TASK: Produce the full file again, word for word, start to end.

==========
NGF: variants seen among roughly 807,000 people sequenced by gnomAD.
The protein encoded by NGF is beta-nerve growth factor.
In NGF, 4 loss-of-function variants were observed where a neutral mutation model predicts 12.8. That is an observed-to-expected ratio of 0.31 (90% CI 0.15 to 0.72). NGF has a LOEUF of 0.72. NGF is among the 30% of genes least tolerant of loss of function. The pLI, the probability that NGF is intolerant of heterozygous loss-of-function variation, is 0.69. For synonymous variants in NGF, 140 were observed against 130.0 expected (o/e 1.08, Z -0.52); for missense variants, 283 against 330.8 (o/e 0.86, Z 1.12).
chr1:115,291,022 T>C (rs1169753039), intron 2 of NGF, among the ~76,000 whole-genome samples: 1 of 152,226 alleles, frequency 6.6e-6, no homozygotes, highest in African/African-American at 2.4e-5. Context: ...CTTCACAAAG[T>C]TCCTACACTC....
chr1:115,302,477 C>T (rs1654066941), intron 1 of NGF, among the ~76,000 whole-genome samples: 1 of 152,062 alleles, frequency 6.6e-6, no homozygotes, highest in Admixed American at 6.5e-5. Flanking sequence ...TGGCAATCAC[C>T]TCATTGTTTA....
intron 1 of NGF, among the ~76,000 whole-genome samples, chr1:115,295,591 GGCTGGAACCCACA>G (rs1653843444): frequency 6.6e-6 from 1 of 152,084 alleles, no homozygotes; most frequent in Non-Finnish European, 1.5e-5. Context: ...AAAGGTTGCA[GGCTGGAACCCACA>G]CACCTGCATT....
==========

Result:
NGF: variants seen among roughly 807,000 people sequenced by gnomAD.
The protein encoded by NGF is beta-nerve growth factor.
In NGF, 4 loss-of-function variants were observed where a neutral mutation model predicts 12.8. That is an observed-to-expected ratio of 0.31 (90% CI 0.15 to 0.72). NGF has a LOEUF of 0.72. NGF is among the 30% of genes least tolerant of loss of function. The pLI, the probability that NGF is intolerant of heterozygous loss-of-function variation, is 0.69. For synonymous variants in NGF, 140 were observed against 130.0 expected (o/e 1.08, Z -0.52); for missense variants, 283 against 330.8 (o/e 0.86, Z 1.12).
chr1:115,291,022 T>C (rs1169753039), intron 2 of NGF, among the ~76,000 whole-genome samples: 1 of 152,226 alleles, frequency 6.6e-6, no homozygotes, highest in African/African-American at 2.4e-5. Context: ...CTTCACAAAG[T>C]TCCTACACTC....
chr1:115,302,477 C>T (rs1654066941), intron 1 of NGF, among the ~76,000 whole-genome samples: 1 of 152,062 alleles, frequency 6.6e-6, no homozygotes, highest in Admixed American at 6.5e-5. Flanking sequence ...TGGCAATCAC[C>T]TCATTGTTTA....
intron 1 of NGF, among the ~76,000 whole-genome samples, chr1:115,295,591 GGCTGGAACCCACA>G (rs1653843444): frequency 6.6e-6 from 1 of 152,084 alleles, no homozygotes; most frequent in Non-Finnish European, 1.5e-5. Context: ...AAAGGTTGCA[GGCTGGAACCCACA>G]CACCTGCATT....